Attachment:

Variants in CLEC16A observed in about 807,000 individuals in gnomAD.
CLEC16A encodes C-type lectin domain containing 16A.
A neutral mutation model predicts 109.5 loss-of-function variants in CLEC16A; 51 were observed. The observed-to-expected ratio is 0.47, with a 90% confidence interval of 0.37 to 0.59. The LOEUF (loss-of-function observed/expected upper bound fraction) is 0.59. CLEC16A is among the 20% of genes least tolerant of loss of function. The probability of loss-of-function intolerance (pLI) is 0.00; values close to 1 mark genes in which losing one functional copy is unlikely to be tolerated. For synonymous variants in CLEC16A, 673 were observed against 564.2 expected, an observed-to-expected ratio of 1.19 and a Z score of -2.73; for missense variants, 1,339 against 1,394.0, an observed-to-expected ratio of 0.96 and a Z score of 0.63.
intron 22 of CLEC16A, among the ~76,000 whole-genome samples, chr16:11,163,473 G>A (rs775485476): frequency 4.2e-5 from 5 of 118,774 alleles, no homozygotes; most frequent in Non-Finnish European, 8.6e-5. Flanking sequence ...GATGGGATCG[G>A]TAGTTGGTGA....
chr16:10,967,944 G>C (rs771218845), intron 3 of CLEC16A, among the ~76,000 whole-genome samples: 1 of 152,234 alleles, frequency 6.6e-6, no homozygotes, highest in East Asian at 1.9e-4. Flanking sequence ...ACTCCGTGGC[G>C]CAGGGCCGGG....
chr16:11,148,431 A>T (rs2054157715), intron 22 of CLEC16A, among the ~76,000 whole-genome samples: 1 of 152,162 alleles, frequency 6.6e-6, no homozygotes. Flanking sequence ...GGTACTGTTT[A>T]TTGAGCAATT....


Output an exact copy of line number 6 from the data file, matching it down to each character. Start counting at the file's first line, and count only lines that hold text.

chr16:11,148,431 A>T (rs2054157715), intron 22 of CLEC16A, among the ~76,000 whole-genome samples: 1 of 152,162 alleles, frequency 6.6e-6, no homozygotes. Flanking sequence ...GGTACTGTTT[A>T]TTGAGCAATT....